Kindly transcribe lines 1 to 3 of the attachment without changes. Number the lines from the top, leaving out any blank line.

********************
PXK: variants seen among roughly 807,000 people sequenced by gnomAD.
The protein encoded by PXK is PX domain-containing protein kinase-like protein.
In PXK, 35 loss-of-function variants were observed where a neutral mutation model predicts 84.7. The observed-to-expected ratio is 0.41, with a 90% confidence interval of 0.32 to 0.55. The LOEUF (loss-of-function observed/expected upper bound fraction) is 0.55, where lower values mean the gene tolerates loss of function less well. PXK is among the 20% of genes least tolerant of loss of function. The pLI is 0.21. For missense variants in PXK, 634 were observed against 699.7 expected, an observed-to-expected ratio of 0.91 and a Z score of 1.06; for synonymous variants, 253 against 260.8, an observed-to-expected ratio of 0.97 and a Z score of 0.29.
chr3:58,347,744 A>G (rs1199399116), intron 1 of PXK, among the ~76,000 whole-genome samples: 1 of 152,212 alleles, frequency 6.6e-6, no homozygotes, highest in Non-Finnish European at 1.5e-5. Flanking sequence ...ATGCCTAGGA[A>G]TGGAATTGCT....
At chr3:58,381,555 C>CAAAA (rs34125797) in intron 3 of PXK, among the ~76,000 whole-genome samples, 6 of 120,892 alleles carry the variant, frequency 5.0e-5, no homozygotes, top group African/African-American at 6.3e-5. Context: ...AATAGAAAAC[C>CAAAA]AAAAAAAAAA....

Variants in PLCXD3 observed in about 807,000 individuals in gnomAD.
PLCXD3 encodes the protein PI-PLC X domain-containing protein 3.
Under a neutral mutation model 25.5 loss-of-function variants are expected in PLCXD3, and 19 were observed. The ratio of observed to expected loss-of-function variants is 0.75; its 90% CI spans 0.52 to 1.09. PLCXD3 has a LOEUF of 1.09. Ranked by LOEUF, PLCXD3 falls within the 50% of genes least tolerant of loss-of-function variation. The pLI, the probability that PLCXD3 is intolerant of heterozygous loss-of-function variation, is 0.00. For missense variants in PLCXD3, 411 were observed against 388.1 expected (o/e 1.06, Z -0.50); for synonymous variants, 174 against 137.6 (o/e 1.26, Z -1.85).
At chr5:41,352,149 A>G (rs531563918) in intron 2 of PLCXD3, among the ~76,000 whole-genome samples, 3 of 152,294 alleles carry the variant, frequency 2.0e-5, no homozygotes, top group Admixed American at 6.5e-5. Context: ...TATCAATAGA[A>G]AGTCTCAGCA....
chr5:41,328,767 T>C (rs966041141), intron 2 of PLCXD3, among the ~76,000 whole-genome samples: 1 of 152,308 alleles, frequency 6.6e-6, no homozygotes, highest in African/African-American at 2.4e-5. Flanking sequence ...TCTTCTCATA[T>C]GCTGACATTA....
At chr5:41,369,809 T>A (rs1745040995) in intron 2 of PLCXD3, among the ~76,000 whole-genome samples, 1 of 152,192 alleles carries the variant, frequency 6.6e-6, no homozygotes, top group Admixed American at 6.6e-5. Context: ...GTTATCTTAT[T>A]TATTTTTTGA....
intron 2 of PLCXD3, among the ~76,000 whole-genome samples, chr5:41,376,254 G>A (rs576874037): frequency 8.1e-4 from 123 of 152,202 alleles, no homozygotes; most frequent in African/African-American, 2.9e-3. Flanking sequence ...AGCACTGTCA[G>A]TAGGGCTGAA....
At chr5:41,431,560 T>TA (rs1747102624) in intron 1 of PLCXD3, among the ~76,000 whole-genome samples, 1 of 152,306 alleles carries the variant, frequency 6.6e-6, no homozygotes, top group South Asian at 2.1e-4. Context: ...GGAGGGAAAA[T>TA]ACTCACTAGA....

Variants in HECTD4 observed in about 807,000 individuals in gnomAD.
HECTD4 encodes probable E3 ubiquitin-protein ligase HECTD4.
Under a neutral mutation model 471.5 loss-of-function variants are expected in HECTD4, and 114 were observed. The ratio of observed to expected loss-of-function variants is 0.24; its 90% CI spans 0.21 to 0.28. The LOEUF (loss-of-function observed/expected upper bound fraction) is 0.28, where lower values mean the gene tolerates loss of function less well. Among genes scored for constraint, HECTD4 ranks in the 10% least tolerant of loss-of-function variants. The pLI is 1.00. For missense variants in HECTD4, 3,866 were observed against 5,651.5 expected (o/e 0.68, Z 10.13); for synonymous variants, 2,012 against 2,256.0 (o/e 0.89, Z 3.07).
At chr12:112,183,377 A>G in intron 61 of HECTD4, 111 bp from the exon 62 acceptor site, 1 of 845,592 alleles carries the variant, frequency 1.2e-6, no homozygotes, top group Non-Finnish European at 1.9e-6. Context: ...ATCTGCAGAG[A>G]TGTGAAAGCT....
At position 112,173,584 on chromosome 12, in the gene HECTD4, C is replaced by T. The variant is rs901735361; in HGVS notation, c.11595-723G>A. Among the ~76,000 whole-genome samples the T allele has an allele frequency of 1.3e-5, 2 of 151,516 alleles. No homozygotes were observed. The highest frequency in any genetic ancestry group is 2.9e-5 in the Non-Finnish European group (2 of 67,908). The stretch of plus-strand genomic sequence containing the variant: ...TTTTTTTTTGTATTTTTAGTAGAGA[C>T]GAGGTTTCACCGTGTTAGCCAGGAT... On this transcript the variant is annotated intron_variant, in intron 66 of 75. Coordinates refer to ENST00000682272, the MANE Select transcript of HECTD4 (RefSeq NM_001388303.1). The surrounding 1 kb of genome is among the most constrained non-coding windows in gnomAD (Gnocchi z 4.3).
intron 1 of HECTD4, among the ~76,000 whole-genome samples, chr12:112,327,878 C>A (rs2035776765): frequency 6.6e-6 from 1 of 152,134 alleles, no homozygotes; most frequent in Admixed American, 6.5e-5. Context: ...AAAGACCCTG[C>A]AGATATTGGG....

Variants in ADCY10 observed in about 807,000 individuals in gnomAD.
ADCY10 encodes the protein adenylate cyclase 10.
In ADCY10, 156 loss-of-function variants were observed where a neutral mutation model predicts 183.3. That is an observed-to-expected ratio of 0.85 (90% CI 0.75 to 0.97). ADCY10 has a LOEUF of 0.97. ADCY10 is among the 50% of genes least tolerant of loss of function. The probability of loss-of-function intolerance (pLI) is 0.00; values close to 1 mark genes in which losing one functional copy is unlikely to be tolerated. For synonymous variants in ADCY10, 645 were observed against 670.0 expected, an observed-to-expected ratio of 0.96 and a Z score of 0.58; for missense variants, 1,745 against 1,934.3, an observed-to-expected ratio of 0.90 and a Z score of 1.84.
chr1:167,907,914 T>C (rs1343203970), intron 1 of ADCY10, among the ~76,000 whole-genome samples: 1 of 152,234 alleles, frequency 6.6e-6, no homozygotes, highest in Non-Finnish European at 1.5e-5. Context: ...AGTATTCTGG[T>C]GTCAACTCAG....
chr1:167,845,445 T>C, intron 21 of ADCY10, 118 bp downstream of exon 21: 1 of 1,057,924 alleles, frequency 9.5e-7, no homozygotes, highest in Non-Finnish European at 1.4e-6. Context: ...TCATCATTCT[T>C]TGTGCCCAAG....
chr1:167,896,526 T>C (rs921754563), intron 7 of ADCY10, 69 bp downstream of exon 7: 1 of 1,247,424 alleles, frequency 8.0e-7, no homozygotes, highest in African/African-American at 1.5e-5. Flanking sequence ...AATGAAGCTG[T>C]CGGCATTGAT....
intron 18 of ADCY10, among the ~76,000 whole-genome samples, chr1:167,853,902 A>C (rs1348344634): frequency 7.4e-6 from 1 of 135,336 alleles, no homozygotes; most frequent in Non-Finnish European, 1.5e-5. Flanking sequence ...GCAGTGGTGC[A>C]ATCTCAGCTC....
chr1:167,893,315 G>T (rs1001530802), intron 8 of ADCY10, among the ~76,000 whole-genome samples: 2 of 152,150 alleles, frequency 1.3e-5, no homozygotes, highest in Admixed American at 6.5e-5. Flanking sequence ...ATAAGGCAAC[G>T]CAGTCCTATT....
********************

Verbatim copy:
PXK: variants seen among roughly 807,000 people sequenced by gnomAD.
The protein encoded by PXK is PX domain-containing protein kinase-like protein.
In PXK, 35 loss-of-function variants were observed where a neutral mutation model predicts 84.7. The observed-to-expected ratio is 0.41, with a 90% confidence interval of 0.32 to 0.55. The LOEUF (loss-of-function observed/expected upper bound fraction) is 0.55, where lower values mean the gene tolerates loss of function less well. PXK is among the 20% of genes least tolerant of loss of function. The pLI is 0.21. For missense variants in PXK, 634 were observed against 699.7 expected, an observed-to-expected ratio of 0.91 and a Z score of 1.06; for synonymous variants, 253 against 260.8, an observed-to-expected ratio of 0.97 and a Z score of 0.29.